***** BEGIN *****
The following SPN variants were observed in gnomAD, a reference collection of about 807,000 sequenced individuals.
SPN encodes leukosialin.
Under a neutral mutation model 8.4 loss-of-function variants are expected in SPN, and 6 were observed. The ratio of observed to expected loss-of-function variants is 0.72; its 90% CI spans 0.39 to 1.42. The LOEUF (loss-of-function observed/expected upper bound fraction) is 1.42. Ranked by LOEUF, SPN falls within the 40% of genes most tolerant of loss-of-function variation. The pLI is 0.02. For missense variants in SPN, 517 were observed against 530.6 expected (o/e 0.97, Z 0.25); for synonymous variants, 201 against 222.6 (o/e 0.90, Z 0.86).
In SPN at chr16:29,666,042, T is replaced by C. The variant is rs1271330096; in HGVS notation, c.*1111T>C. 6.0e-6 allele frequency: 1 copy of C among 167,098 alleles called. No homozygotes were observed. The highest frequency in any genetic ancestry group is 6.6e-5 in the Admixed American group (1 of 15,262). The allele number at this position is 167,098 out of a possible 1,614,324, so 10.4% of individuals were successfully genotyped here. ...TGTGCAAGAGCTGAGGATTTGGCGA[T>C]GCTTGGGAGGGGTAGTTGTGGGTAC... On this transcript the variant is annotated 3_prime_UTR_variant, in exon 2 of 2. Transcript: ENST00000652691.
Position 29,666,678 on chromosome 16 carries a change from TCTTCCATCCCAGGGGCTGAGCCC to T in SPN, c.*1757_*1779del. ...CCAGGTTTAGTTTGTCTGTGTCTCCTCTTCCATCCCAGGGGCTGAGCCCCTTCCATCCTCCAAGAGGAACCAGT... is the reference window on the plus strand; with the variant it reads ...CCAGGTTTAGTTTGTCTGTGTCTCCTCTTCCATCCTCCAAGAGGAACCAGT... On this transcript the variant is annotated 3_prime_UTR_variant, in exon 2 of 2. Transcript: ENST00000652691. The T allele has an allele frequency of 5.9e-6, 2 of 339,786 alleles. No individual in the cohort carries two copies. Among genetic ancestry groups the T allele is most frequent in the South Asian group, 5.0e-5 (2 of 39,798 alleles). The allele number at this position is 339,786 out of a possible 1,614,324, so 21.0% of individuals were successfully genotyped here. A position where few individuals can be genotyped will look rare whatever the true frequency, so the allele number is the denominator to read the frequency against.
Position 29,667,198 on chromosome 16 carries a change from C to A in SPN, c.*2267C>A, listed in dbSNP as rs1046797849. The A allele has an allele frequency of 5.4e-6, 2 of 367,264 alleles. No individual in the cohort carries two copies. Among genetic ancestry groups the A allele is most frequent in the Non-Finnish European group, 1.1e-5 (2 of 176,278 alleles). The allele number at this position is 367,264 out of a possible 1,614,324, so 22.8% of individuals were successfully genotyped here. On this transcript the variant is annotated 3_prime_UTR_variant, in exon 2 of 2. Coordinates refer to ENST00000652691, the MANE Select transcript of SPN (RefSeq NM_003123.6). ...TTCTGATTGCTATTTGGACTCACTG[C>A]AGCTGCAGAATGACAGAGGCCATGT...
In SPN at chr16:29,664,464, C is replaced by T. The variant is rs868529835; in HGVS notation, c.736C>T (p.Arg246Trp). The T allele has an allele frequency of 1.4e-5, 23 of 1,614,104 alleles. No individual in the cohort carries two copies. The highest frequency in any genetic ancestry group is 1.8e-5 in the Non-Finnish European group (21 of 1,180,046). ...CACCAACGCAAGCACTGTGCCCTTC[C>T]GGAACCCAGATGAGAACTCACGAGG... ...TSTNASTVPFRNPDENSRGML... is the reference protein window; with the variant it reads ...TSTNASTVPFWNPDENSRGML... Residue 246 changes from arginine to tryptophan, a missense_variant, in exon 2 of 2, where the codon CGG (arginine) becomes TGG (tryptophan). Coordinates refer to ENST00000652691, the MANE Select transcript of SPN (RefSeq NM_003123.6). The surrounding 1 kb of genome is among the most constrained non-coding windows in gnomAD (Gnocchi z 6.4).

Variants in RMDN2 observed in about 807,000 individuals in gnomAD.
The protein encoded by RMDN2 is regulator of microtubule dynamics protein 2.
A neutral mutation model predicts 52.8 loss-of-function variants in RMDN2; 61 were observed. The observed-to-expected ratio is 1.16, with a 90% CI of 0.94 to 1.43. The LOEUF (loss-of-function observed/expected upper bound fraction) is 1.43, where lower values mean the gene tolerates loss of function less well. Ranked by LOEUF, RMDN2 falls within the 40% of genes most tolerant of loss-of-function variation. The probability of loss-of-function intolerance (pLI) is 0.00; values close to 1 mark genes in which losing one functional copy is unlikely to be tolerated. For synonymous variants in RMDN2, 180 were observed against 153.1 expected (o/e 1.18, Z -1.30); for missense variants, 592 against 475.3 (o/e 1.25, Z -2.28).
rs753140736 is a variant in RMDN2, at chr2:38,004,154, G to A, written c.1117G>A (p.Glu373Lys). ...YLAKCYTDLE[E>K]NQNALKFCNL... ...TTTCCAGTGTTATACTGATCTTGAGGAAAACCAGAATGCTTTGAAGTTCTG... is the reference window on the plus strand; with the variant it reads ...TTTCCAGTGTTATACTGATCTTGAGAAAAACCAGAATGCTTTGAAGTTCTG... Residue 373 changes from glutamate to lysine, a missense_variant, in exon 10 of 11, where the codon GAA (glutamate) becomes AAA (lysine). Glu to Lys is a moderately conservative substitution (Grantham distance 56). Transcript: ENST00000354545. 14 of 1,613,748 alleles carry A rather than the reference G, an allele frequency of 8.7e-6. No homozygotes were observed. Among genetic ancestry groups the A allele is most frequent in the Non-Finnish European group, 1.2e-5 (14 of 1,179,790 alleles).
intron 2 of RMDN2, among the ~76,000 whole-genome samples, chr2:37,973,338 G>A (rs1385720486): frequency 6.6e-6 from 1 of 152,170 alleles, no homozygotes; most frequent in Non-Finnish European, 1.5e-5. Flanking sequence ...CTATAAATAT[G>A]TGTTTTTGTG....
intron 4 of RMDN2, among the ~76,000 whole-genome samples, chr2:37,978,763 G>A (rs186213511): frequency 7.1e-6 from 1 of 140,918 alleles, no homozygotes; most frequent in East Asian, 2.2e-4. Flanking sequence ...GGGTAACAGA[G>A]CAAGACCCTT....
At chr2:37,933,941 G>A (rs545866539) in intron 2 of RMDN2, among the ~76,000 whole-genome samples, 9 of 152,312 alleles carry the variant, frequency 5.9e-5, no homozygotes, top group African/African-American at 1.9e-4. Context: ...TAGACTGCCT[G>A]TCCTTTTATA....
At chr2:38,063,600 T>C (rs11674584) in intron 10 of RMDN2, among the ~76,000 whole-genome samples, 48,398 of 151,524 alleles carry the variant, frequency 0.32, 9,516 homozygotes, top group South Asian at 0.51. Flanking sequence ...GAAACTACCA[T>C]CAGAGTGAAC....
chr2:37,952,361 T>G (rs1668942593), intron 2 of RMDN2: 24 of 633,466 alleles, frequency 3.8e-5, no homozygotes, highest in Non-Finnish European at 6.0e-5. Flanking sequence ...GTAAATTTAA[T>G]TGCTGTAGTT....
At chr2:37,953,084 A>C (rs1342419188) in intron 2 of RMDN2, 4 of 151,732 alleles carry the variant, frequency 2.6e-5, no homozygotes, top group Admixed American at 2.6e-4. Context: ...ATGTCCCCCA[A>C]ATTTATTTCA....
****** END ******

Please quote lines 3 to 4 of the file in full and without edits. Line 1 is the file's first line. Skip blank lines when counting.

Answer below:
Under a neutral mutation model 8.4 loss-of-function variants are expected in SPN, and 6 were observed. The ratio of observed to expected loss-of-function variants is 0.72; its 90% CI spans 0.39 to 1.42. The LOEUF (loss-of-function observed/expected upper bound fraction) is 1.42. Ranked by LOEUF, SPN falls within the 40% of genes most tolerant of loss-of-function variation. The pLI is 0.02. For missense variants in SPN, 517 were observed against 530.6 expected (o/e 0.97, Z 0.25); for synonymous variants, 201 against 222.6 (o/e 0.90, Z 0.86).
In SPN at chr16:29,666,042, T is replaced by C. The variant is rs1271330096; in HGVS notation, c.*1111T>C. 6.0e-6 allele frequency: 1 copy of C among 167,098 alleles called. No homozygotes were observed. The highest frequency in any genetic ancestry group is 6.6e-5 in the Admixed American group (1 of 15,262). The allele number at this position is 167,098 out of a possible 1,614,324, so 10.4% of individuals were successfully genotyped here. ...TGTGCAAGAGCTGAGGATTTGGCGA[T>C]GCTTGGGAGGGGTAGTTGTGGGTAC... On this transcript the variant is annotated 3_prime_UTR_variant, in exon 2 of 2. Transcript: ENST00000652691.